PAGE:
Finding new worlds (is Mr. Spock next?)

Astronomers meeting in Manchester, England present evidence of nine new planets. One may sound familiar to 'Star Trek' fans.

By , Special to The Christian Science Monitor

For astronomers, detecting new planets is now almost as commonplace as, say, stumbling upon a new Starbucks outlet.

American and Swiss teams have just announced the discovery of nine new planets orbiting stars outside our own solar system.

In the past five years, 41 such "exoplanets" have been found, out of a total 50 known planets. And while so far there is evidence of only two solar systems, other than our own, that have more than a single planet, scientists say that's partly due to the limitations of today's search methods. The findings are furthering speculation that planets are not uncommon in the universe, and raising hopes of finding planets that will be able to sustain human life. British science writer David Whitehouse says, "Astronomers are confident that Earth-like planets will be found."

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The latest discoveries were announced Aug. 7 to the general assembly of the International Astronomical Union in Manchester, northern England.

Most intriguing to the stargazers is the discovery of a planet roughly the size of Jupiter orbiting the star Epsilon Eridani, a mere (galactically speaking)10.5 light years from Earth. A light year is the distance light will travel in one year in a vacuum - about six trillion miles.

EPSILON ERIDANI, which is near enough to be seen with the naked eye, is about the same size as our sun. In addition, for fans of the "Star Trek" series, it's one of two choices identified as home star for the planet Vulcan, where the emotionless, point-eared Mr. Spock hails from. (The late "Star Trek" creator, Gene Roddenberry, however, said he personally favored 40 Eridani.)

William Cochran, of the University of Texas McDonald Observatory, says the findings suggest intriguing possibilities for human colonists.

"Detecting a planet orbiting Epsilon Eridani is like finding a planet in our own backyard," Dr. Cochran says. "The planet itself is uninhabitable, but it is far enough away from its parent star for there to be Earth-like planets closer to it."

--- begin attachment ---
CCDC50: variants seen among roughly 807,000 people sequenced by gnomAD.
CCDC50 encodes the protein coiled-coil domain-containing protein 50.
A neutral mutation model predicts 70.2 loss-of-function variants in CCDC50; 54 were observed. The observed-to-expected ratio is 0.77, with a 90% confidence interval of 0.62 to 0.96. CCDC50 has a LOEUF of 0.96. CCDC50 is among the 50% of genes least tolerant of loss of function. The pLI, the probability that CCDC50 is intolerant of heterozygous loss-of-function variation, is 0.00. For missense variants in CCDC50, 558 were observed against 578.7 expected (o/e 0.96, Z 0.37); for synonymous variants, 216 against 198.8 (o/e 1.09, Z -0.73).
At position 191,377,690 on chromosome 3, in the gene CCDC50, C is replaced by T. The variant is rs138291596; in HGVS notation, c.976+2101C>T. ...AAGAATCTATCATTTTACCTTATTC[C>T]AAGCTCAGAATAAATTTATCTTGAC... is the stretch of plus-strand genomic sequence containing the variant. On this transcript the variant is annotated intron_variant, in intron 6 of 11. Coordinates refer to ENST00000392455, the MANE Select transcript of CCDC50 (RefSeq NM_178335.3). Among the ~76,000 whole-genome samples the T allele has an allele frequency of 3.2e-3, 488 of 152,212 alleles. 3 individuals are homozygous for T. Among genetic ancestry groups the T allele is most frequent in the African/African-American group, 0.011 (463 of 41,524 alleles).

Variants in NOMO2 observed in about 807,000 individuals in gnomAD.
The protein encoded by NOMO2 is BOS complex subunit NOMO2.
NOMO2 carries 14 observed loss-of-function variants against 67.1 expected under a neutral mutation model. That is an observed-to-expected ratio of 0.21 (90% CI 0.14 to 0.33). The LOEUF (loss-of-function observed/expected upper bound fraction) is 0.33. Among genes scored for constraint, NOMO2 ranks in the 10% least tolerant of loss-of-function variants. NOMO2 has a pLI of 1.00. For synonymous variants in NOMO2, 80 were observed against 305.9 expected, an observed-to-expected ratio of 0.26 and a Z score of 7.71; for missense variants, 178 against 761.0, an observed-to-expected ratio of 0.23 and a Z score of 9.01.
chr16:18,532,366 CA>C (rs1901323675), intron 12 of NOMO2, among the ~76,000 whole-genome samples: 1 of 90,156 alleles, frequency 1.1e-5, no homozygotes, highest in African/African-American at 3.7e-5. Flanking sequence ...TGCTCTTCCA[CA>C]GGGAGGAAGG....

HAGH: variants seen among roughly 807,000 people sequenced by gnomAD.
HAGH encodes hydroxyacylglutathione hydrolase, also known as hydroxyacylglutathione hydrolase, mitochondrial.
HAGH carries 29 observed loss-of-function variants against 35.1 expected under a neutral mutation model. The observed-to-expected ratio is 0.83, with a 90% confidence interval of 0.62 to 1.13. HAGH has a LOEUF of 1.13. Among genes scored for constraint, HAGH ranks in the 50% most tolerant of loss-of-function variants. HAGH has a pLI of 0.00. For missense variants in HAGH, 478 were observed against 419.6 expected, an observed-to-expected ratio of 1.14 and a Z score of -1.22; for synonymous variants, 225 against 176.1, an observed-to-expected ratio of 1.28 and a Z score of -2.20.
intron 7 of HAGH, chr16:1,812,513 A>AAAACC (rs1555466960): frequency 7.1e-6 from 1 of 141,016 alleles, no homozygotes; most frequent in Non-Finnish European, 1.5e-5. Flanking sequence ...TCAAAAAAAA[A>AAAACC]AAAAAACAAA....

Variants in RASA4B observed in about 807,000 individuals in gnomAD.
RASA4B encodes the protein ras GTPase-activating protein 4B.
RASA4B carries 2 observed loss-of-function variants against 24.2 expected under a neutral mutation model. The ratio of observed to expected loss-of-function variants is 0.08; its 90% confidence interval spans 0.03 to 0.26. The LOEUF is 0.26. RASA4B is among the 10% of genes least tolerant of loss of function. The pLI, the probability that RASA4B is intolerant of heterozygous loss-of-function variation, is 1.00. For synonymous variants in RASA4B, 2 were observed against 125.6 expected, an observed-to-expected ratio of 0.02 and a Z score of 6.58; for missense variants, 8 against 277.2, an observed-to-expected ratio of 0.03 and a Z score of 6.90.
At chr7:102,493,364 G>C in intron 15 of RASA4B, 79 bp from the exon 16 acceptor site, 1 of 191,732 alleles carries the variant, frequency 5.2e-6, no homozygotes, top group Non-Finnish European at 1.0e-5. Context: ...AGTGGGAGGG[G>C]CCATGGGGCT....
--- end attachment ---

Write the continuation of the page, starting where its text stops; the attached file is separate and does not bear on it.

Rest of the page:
Also revving up the pulses of the researchers is the discovery of the second known example of a star being orbited by more than a single planet.

Astronomers from research teams in the US and Europe briefed the Manchester conference about the discoveries.

Astronomers from Switzerland's Geneva Observatory spoke of detecting six new planets. A team from the University of California at Berkeley announced that it had found three.

Geoff Marcy of San Francisco State University told the conference: "We are now at a stage where we are finding planets faster than we can investigate them and write up the results. Planet hunting has morphed from the marvellous to the mundane."

Dr. Whitehouse is excited also by the Swiss team's detection of a star that is being circled by two planets.

A year ago, a Berkeley research team placed three planets around Upsilon Andromidae - 44 light years away in the constellation Andromeda. In May, Geneva Observatory astronomers announced the discovery of one planet orbiting a star known as HD 83443, in the constellation Vela. The Swiss team presented evidence of a second planet this week. Both are roughly the size of Saturn, which in turn is about 95 times as massive as the Earth.

The Geneva Observatory's Michel Mayor says the new planetary system is "unusual in more ways than one.

"It has two very low-mass gaseous giant planets, and both orbit very close to the star." One takes less than three days to circle the sun, the other 30. Mercury, the innermost planet in our solar system, takes 88 days to complete its orbit.

The detection of new planets is being greatly assisted by breakthroughs in space observation techniques.

Most of them are too far away to be pinpointed by even the most high-powered optical telescopes. Instead, astronomers observe how the gravitational pull of a planet can cause what they call a "wobble" in a neighboring star's movement.

They measure the size and frequency of the wobble, and from that calculate the mass and orbit of the planet. So far only relatively large planets can be detected using this method. Earth-size planets are beyond the range of the technique.

Whitehouse, however, forecasts that the planet now known to be orbiting the star Epsilon Eridani may be within range of the Hubble Space Telescope.

"Were the Hubble to be able to observe it, it would be an astronomical landmark," he says."It would be the first planet actually seen circling another star."

(c) Copyright 2000. The Christian Science Publishing Society

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